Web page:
Islam and/in/of the West Pt. 1

Talk by Abdal Hakim Murad - 8 February 2010 - London School of Economics - 45 mins 20 secs


It's a triple header of talks this week, linked by the theme of Muslims living in the West. We start with this one by Sheikh Abdal Hakim, entitled 'Can Liberalism Tolerate Islam?', given at LSE Discover Islam Week, and kindly recorded and sent in by LSE ISoc. In it Sheikh Abdal Hakim inverts the usual framework of the debate about the relationship between Islam and liberalism, defined by the implicit or explicit suspicion of Muslims' ability to accept liberal values and the demand that they should do so. He unpicks this submerged 'intolerance of intolerance' in order to interrogate the significance of the secular orthodoxies liberal Europe has created, and considers how Muslims can and should respond to them.

Later in the week inshaAllah we will post a talk given in Cambridge recently by Prof. Tariq Ramadan on 'Hostility, Loyalty and Change: the Future of Muslims in the West', and in part three another recent talk by Sheikh Abdal Hakim with the intriguing title 'Can Non-Muslims Be Indigenous? Reflections on the Paradox of British Islam'.

Listen to this talk

Download this talk (MP3, 45.1 MB)


Unknown said...

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Cambridge Khutbas said...

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Anonymous said...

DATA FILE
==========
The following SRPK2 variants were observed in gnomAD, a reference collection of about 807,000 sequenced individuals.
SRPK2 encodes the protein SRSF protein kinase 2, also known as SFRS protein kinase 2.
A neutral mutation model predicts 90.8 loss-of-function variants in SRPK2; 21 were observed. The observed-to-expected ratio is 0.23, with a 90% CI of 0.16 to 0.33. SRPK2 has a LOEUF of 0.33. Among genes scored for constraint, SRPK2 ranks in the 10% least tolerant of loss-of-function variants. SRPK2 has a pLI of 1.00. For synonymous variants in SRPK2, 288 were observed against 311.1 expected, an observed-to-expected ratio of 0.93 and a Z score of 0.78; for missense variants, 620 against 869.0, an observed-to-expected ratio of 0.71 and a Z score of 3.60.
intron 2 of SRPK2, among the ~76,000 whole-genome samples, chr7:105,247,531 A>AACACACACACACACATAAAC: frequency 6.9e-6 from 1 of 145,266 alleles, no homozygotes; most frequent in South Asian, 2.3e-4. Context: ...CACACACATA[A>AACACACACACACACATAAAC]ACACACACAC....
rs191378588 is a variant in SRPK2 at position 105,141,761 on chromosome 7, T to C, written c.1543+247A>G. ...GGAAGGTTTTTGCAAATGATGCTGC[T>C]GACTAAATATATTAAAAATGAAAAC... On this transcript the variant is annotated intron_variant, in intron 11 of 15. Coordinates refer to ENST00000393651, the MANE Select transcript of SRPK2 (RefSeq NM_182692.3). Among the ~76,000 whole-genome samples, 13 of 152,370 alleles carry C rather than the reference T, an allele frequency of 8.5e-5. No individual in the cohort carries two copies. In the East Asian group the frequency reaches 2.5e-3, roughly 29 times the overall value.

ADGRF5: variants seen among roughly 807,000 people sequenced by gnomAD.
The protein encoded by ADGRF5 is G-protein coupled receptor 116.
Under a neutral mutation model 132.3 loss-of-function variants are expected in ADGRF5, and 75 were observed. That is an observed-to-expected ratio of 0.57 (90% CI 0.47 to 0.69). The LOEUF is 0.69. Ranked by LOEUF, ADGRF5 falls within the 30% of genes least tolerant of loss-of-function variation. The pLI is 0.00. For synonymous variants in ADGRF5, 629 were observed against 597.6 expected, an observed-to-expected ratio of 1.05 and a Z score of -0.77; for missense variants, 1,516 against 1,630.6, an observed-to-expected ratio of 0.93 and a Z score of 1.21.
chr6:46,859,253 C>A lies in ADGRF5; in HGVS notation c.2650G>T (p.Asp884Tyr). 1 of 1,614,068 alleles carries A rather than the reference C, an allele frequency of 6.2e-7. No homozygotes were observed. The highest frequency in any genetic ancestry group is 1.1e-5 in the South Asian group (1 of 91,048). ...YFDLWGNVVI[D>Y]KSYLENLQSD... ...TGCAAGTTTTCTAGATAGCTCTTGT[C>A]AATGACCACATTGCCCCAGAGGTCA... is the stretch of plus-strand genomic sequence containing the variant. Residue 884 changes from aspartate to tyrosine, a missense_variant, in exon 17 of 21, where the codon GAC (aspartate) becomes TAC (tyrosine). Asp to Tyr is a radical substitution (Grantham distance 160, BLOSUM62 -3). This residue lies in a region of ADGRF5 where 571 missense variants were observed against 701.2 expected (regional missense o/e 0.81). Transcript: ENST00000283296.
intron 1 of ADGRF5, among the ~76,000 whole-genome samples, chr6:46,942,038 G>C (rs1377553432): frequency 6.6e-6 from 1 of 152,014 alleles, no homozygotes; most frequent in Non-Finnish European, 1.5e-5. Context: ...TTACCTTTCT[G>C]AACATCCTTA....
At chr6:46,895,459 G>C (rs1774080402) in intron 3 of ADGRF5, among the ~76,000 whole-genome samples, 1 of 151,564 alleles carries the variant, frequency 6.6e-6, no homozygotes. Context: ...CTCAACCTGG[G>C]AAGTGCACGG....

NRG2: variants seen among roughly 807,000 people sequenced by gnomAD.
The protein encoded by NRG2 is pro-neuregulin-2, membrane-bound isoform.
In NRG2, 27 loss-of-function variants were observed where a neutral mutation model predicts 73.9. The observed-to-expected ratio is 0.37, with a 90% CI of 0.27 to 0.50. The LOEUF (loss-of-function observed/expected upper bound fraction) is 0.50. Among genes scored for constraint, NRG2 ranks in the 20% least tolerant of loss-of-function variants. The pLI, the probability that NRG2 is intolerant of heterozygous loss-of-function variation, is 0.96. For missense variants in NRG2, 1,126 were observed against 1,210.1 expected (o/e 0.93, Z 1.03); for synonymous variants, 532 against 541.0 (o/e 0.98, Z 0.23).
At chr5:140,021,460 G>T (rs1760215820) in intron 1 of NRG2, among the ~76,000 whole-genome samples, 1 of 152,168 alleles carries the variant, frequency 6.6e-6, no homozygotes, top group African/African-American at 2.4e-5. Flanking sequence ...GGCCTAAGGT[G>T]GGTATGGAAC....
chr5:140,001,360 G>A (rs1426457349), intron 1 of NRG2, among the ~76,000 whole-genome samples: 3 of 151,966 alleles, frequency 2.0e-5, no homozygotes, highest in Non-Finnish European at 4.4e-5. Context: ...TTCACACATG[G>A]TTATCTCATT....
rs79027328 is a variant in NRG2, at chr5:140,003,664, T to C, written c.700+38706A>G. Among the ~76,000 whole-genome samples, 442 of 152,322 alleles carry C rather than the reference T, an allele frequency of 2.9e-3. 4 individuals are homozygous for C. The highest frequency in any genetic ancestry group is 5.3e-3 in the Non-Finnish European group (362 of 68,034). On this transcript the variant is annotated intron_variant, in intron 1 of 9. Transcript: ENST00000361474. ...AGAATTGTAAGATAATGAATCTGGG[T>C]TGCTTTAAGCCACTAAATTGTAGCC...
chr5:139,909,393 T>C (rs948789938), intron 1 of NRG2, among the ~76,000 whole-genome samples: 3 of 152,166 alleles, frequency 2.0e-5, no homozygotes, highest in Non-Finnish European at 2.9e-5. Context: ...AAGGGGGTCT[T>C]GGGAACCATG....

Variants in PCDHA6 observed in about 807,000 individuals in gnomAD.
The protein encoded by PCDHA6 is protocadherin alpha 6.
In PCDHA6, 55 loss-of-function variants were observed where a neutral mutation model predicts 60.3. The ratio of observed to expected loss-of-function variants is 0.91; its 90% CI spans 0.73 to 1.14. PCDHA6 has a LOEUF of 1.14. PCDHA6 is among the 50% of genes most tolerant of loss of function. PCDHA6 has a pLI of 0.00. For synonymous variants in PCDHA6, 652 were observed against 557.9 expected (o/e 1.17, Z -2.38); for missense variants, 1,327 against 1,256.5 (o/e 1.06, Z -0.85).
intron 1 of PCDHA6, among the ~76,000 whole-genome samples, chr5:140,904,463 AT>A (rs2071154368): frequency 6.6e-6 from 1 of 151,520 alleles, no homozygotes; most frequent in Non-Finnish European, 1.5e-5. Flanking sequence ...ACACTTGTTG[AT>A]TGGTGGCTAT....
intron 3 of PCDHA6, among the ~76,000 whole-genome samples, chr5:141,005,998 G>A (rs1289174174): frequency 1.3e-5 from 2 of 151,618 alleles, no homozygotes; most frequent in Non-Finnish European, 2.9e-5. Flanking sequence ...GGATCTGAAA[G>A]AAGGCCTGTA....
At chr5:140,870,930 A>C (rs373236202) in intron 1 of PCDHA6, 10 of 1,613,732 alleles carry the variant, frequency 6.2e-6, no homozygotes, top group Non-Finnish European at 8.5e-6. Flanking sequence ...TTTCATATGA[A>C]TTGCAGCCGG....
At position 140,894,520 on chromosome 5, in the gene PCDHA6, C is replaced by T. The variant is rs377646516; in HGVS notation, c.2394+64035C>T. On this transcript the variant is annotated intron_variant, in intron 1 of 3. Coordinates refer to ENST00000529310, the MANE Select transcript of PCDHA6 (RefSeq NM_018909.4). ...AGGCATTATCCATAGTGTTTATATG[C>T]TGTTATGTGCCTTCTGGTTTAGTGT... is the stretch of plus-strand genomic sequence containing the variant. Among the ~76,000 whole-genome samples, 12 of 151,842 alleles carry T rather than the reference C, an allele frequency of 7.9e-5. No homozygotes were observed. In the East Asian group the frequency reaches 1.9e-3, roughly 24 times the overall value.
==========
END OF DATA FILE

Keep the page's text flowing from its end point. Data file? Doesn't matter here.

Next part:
This lecture shows yet again why the Shaykh is the Don of British Islam.


Saif said...

As usual, an excellent lecture by the esteemed Shaykh.

It's quite thought provoking, though I must say, his points further raised a great many formidable questions that will define our future as a people.

Elsewhere the Shaykh has posited in his 'Contentions' that:

The solution is liberality, not liberalism, for liberalism takes more than it gives.

In this sense, I'm assuming it is possible in the Shaykh's calculus for an individual to be authentically liberal, as well as traditionally Muslim?

Is what is meant here a mentality of "live and let live?"

If so, how do we reconcile this with "Amr bil Ma'ruf..?"

And is a Muslim committing a sin by not believing that the Authorities of a given land necessarily apply the Shari'a to, at a minimum, ensure the adherence of morality in the public sphere?

Everyone, even Wastern Nations, have standards of public decency. You can't walk down the street naked in New York City without getting arrested on the grounds of violating some public indecency laws. So the state does play a role in curtailing unbridled liberties. Where we differ is where we draw the line of what is considered 'indecent' and where the state steps in to preserve the sensible boundries of its people. This is process in inherently arbitrary and is determined by varying historical factors, customs and tolerance of given people. The same essential struggle applies to the issues included in the citizenship questionairres the Shaykh cites from Germany: Gay rights, Women's rights, anti-Polygamy laws, etc.

What the Shaykh does also attention to is the fact that Islamist governments just impose compliance with their values in the public sphere. But European governments impose their values in both the public and private lives of its denizens.

All-in-all, a great lecture that begs a complimentary presentation of the flip-side of the coin.